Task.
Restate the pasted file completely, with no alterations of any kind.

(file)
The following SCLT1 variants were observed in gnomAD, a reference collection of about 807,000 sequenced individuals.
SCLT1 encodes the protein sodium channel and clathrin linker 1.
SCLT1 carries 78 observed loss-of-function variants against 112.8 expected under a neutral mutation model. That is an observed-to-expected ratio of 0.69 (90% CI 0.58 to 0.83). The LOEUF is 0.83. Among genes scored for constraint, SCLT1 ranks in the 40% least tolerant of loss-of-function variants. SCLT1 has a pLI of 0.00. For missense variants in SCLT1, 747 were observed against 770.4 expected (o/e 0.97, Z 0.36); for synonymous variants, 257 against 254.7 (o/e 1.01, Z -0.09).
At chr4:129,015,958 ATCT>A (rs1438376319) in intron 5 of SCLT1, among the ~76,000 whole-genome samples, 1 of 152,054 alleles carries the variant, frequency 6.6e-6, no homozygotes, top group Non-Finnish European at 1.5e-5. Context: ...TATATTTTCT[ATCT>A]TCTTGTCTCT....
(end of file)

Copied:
The following SCLT1 variants were observed in gnomAD, a reference collection of about 807,000 sequenced individuals.
SCLT1 encodes the protein sodium channel and clathrin linker 1.
SCLT1 carries 78 observed loss-of-function variants against 112.8 expected under a neutral mutation model. That is an observed-to-expected ratio of 0.69 (90% CI 0.58 to 0.83). The LOEUF is 0.83. Among genes scored for constraint, SCLT1 ranks in the 40% least tolerant of loss-of-function variants. SCLT1 has a pLI of 0.00. For missense variants in SCLT1, 747 were observed against 770.4 expected (o/e 0.97, Z 0.36); for synonymous variants, 257 against 254.7 (o/e 1.01, Z -0.09).
At chr4:129,015,958 ATCT>A (rs1438376319) in intron 5 of SCLT1, among the ~76,000 whole-genome samples, 1 of 152,054 alleles carries the variant, frequency 6.6e-6, no homozygotes, top group Non-Finnish European at 1.5e-5. Context: ...TATATTTTCT[ATCT>A]TCTTGTCTCT....